117”) as unconstitutional; Commonwealth Court did not address several of

USOBA’s arguments and did not ultimately decide whether USOBA was

entitled to full relief originally requested, which remains available via USOBA’s

alternate arguments; essentially, Commonwealth Court simply narrowed

scope of USOBA’s declaratory judgment action, without ultimately deciding

case; Department of Banking appealed order which, in light of USOBA’s

original challenge to Act 117, granted USOBA only partial declaration of

parties’ rights, status, or legal relations).

      Most recently in the Wickett line of cases, our Supreme Court

summarized these holdings in Pennsylvania Manufacturers’ Assoc. Ins.

Co. v. Johnson Matthey, Inc., 

647 Pa. 85

, 

188 A.3d 396

(2018), stating:

         This Court last expounded upon the appealability of an order
         declaring the rights of parties in 

[USOBA, supra

]. In that
         decision, the Court provided a rather straightforward two-
         part test for appellate courts to apply when considering
         whether an order declaring the rights of parties is final and
         appealable: (1) what is the effect of the lower court’s
         decision on the scope of the litigation; and (2) what practical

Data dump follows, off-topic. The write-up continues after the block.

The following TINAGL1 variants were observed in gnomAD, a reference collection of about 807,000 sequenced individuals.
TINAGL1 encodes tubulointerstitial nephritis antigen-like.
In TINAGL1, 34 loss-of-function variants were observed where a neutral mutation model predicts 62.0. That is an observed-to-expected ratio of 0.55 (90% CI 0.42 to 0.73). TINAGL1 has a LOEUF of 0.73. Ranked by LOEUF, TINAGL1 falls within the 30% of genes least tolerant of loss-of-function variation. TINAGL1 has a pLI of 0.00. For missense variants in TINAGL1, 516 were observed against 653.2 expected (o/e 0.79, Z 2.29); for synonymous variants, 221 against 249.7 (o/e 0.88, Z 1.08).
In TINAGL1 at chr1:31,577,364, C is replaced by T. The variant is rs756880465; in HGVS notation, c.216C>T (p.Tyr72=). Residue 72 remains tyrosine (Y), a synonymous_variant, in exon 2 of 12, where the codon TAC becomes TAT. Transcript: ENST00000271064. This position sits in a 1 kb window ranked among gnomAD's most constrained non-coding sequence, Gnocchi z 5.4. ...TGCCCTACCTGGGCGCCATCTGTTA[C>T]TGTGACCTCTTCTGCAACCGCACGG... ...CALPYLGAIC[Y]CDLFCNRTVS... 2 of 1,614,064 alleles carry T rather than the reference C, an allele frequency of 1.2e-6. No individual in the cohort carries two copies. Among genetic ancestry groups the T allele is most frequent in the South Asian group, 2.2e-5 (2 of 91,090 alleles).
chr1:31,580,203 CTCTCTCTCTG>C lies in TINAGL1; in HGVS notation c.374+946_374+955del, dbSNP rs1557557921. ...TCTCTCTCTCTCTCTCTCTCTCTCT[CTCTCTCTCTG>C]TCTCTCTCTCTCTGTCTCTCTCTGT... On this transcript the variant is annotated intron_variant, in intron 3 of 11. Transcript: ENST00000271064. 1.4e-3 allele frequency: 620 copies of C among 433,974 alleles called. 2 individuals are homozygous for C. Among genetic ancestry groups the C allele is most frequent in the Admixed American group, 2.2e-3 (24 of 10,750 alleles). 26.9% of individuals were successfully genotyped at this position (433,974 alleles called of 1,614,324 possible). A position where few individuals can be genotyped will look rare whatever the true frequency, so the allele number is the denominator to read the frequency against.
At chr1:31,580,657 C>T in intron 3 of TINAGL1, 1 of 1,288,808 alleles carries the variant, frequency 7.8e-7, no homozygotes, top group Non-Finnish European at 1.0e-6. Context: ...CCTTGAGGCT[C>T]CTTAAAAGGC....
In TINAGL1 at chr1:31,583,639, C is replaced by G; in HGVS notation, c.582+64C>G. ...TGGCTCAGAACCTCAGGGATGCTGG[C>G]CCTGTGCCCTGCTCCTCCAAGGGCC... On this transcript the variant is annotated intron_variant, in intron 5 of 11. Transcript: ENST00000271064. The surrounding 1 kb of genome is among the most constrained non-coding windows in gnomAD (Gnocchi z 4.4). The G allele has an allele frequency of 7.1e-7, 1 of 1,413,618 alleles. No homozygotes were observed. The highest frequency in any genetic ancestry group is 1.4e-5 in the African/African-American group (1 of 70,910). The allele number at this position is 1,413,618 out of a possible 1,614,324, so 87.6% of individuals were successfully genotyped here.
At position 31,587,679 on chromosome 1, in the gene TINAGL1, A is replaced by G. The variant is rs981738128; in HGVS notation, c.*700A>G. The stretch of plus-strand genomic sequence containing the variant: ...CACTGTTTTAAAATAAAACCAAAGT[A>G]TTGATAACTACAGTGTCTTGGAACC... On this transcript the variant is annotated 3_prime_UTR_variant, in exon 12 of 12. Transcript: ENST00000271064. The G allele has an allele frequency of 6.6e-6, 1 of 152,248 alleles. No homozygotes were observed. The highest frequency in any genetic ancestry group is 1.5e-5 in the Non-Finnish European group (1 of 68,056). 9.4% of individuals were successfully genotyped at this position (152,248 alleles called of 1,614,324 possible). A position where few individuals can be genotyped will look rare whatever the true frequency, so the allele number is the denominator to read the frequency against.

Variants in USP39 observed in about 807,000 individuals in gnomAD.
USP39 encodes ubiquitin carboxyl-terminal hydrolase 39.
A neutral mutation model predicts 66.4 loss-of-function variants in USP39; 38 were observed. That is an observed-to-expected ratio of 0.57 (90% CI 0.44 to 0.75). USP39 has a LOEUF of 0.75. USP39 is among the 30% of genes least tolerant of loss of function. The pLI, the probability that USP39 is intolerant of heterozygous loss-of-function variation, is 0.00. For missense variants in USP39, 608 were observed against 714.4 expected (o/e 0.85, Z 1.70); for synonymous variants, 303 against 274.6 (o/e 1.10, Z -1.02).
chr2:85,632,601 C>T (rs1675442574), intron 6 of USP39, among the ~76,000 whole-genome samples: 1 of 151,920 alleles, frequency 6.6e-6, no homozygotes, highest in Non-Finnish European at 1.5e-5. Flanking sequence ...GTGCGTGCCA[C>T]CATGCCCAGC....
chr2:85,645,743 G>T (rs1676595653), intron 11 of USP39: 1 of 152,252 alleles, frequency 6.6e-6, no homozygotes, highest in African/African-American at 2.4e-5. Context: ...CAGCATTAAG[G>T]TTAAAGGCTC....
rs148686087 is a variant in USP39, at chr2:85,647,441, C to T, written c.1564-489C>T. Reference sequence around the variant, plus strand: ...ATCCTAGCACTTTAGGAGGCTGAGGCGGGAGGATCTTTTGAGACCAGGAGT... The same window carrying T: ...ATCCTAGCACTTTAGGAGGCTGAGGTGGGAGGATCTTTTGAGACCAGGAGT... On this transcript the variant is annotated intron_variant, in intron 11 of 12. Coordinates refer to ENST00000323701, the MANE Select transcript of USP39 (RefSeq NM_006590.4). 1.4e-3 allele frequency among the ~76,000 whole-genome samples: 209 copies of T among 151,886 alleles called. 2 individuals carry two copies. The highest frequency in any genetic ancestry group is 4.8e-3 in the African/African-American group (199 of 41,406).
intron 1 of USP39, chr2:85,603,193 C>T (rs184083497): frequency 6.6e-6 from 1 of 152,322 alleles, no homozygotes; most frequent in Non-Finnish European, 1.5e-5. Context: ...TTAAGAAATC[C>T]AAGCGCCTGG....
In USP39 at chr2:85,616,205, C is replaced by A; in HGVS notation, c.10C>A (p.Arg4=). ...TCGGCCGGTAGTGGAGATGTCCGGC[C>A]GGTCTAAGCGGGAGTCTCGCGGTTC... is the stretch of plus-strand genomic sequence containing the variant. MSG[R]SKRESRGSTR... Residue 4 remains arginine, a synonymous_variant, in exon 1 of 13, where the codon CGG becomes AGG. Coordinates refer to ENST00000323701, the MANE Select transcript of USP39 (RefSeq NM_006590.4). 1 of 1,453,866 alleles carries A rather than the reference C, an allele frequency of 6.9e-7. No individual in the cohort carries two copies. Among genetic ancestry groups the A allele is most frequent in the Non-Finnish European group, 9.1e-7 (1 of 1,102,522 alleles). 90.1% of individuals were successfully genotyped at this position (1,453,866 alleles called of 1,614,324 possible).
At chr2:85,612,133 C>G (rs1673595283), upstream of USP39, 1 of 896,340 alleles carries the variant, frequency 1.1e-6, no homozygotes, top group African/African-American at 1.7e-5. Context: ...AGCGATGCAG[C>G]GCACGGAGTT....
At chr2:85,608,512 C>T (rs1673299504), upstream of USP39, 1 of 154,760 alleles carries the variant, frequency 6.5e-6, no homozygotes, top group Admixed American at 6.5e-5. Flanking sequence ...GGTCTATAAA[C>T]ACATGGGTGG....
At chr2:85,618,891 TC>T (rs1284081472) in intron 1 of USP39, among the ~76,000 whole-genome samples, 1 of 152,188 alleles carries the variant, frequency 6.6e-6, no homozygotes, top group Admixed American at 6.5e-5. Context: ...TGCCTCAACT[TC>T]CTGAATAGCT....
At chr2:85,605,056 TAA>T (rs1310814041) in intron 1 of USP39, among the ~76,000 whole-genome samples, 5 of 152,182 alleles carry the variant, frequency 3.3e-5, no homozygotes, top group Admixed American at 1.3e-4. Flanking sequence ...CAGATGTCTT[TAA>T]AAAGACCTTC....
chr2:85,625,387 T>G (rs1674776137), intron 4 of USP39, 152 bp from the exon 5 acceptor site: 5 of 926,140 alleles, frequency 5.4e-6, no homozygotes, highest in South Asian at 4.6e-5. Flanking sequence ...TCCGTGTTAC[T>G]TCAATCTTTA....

effect does the court’s decision have on the ultimate
         outcome of the case. … If the order in question merely
         narrows the scope of the litigation and does not resolve the
         entirety of the parties’ eligibility for declaratory relief, then
         the order is interlocutory and not immediately appealable.

Pennsylvania Manufacturers, supra at 

90, 188 A.3d at 399-400

(quashing

appeal as interlocutory where Commonwealth Court entered order that

effectively denied appellant’s claim for declaratory relief but left unresolved

appellee’s related but broader counterclaim for declaratory relief; as order on


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appeal does not resolve parties’ competing claims for declaratory relief but

merely narrowed dispute, order is not appealable at this time).      See also

Titeflex Corp. v. National Union Fire Ins. Co. of Pittsburgh, PA, 

88 A.3d 970

(Pa.Super. 2014) (holding order declaring that appellant-insurer had duty

to defend appellee-corporation in underlying actions was appealable because

order resolved declaratory judgment action for all practical purposes; only

conclusion left for trial court to reach was amount of indemnification, which

could not be made until underlying actions were completed; once trial court

determined that insurer had duty to defend, underlying actions could